THE OUTSIDER: Breaking Music Conventions

TheOutsider_band

Mexican avant-garde one-man band The Outsider talked with Prog Sphere about the recently released single “Suicide is Peogress”,” which features guest performance by Shining vocalist and saxophonist Jørgen Munkeby.

Define the mission of The Outsider.

Musically speaking the mission of The Outsider is challenge people ears by making metal and music that breaks musical and music genres conventions, even break the conventional tonality system and the 12 tones musical system, thinking forward and fearing nothing. That’s why the new songs are highly experimental, not all of them and not in extreme ways, but it is a starting point in the musical evolution path I want to take, time will tell where it takes The Outsider in the future. Lyrically speaking the mission is spreading chaos and horror as an essential part of humanity.

Tell me about the creative process that informed your recent single “Suicide is Progress” and the themes it captures.

The creative process for my writing sessions is a ritual, I take a couple of weeks for that, usually on holiday seasons and start writting songs, I start with the most “conventional” ones, with traditional metal structures and then go into the most experimental and weird songs, “Suicide is Progress” was written in that point when I compose very strange stuff, I just wanted to do something very jazzy and electronic, so I explored a lot of jazzy chords and guitar tone and playing, also including the sax made it more experimental. What I want to capture is strangeness and make the listener somehow unconfortable, I wanted to capture madness, because it is closely linked to the lyrics.

The Outsider - Suicide is Progress

What is the message you are trying to give with “Suicide is Progress”?

The theme is basically human psyche when it turns completely twisted and deranged, and how dangerous it can be for other people.

“Suicide is Progress” is the first single from your upcoming album. What can you tell me about the release? How did you document the music while it was being formulated?

The album is coming in march hopefully and it is a compendium of different kinds of horror lyrically speaking, and musically speaking is a very experimental album, of course there will be some “conventional” songs, but as I said before, I want to take my music to the next step in an avantgarde way, and this new album is the first solid step, all the songs are different and there will be a couple of very bizarre songs. I documented the writting process with a bunch of demos and unreleased songs and ideas, as well as primitive versions of the final songs, some songs that did not make it to the album will be used for the next (third) album becaused I composed the songs thinking in TWO albums, this one is the first of two or maybe three releases, but details about that will be unveiled later.

Is the dynamic flow of the pieces carefully architected?

Absolutely yes, something I am taking care a lot in this album is the production and the flow of the songs and the album as a whole. So every sound is placed there for an specific reason.

Describe the approach to recording the album.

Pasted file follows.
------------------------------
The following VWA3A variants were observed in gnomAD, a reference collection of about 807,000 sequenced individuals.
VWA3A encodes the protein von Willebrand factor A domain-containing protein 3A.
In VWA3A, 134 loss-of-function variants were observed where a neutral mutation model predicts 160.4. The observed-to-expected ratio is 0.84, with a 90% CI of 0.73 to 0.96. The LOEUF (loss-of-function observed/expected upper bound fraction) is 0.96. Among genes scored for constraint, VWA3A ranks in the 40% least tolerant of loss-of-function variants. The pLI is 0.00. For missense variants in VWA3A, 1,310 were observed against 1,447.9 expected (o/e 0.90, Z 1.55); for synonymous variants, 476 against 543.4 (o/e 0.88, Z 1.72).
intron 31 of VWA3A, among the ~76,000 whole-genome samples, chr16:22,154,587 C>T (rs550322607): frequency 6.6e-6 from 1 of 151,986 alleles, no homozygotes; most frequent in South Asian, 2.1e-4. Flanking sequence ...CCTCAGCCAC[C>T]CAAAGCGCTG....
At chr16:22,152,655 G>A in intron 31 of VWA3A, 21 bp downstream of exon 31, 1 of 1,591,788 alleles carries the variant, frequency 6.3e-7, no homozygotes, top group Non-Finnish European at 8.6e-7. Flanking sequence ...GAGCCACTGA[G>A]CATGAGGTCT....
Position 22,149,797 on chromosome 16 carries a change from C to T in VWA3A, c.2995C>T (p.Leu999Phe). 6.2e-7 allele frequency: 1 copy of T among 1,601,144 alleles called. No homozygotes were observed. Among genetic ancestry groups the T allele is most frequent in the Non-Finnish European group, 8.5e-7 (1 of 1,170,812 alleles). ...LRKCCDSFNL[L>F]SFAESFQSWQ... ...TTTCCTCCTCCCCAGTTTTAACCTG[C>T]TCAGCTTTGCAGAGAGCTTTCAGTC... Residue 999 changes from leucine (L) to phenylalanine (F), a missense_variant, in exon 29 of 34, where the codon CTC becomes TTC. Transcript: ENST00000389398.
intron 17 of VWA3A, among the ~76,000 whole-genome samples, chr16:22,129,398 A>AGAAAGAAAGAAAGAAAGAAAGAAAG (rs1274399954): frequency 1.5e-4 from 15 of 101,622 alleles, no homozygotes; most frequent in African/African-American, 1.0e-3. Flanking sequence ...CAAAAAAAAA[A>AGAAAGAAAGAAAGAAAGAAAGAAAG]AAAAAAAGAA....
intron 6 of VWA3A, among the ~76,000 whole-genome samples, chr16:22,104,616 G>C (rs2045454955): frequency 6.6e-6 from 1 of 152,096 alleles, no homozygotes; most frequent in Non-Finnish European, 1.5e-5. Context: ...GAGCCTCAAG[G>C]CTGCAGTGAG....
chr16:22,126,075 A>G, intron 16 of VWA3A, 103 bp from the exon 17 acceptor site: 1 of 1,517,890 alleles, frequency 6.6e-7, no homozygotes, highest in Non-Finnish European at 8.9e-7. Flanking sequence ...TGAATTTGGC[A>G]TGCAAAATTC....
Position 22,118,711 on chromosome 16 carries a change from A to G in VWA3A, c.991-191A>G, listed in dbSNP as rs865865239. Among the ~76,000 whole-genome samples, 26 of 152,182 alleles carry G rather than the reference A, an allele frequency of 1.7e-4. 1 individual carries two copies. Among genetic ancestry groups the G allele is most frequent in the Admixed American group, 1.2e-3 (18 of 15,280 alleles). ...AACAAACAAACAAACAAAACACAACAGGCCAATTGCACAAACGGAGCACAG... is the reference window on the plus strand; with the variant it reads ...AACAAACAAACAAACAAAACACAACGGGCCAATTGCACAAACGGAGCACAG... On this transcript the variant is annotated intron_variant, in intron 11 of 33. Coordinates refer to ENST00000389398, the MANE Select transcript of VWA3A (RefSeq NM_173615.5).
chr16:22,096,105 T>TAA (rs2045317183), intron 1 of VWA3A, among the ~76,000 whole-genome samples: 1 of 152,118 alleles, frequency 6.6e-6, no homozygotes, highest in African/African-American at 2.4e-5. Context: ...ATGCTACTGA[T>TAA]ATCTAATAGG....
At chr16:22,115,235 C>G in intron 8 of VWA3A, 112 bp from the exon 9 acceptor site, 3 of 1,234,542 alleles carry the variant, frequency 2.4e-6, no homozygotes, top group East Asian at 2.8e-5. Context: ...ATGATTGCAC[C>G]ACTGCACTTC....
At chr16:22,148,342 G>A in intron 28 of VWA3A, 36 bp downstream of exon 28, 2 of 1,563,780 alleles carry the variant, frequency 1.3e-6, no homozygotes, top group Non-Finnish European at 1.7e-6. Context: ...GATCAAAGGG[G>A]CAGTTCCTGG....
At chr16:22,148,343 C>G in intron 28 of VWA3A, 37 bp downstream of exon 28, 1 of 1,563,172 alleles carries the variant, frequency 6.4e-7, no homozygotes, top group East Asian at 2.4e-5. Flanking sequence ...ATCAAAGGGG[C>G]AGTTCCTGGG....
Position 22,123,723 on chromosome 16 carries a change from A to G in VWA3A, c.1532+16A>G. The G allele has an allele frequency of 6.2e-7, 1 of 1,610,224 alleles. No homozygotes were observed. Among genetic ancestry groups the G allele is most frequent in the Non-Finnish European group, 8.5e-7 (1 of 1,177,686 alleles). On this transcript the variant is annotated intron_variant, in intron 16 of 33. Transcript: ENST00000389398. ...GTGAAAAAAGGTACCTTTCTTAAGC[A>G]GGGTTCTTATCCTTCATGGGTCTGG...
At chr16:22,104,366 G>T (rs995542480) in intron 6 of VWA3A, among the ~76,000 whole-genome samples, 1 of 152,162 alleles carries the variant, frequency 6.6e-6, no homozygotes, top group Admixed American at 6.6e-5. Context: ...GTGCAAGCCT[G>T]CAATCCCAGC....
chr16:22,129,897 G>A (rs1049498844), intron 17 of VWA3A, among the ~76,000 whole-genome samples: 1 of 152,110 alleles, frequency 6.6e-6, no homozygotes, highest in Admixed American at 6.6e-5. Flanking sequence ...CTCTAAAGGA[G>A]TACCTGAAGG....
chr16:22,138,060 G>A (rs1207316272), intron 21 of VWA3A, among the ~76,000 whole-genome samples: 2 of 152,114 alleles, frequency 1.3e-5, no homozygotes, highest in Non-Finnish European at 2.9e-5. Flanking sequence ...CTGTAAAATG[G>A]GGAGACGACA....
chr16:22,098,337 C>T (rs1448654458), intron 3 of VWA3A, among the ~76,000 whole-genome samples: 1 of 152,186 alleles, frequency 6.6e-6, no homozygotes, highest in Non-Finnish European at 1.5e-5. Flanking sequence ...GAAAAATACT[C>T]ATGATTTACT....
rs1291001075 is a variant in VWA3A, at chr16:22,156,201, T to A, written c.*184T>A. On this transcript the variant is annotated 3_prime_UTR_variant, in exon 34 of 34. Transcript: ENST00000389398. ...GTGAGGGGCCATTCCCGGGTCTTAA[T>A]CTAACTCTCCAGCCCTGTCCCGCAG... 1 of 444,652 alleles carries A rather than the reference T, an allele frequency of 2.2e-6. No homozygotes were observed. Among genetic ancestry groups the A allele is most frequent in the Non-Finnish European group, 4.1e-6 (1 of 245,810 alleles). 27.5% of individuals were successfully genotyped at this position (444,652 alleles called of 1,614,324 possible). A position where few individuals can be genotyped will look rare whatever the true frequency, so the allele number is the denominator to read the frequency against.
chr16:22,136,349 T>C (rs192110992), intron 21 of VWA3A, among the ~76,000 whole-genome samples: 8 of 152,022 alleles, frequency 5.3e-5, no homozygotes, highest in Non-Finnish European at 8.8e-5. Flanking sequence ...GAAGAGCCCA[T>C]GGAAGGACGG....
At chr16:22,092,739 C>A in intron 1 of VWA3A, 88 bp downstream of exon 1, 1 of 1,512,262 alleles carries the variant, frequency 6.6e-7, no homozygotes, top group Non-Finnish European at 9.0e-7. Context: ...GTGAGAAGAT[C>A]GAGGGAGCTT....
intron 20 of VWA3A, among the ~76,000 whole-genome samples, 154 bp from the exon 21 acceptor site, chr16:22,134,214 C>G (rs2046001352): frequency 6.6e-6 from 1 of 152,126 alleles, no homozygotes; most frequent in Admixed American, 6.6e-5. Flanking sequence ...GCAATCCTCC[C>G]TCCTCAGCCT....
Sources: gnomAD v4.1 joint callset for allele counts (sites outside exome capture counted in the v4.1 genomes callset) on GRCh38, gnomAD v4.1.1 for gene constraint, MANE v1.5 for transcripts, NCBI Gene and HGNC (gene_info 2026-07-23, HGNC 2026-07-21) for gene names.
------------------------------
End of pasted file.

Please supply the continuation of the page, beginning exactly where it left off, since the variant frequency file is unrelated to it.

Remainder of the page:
It has been a long trip (because to this date, it is still in mixing process), it all started almost three years ago when I wrote the first song of the album, and for a year and a half I wrote many songs, after that I decided which songs would make it to the album and saved the rest for later releases, then I started working in the orchestral arrangements and production details, after that I took the demos to the studio and started recording them, it took months and the mixing process has taken some time too, another reason it took that time is that I changed logo and renewed my brand, and that took some time, but I rather wait for everything to be on point instead of releasing something mediocre or not finished.

Which bands or artists influenced your work on the release?

In terms of goals I got influenced by bands that do not fear in changing their style like Ulver, Sigh or Therion. And musically speaking for this release I had some more doom infuences like Triptykon or Paradise Lost, for the orchestral parts my biggest influence is still Septicflesh and Therion but also composers like Penderecki, Xenakis and Stravinsky, but he new influences are towards the avantgarde and progressive parts, King Crimsons has been a HUGE influence for this album, also Sigh. I also explored jazz performers like John Zorn and very experimental and dark stuff like Diamanda Galas or Lingua Ignota, even if they are not exactly metal

What is your view on technology in music?

I think is great that technology makes music easier to do, specially when you want to experiment a lot. Times change and I think is better to take advantage of that instead of trying to fight it. The next single will actually take advantage of some kind of technology that is not very common in music, we are using 8D technology for some tracks of the song, the result may blow people’s mind.

Do you see your music as serving a purpose beyond music?

Asolutely yes, I don’t know exactly how. But for me music purpose can be more than just entertaining.

What are your plans for the future?

Keep on releasing music, after this upcoming album there will be another album and maybe a complementary release like an EP, Unfortunately there are no plans for live shows.

Check out The Outsider on Bandcamp.

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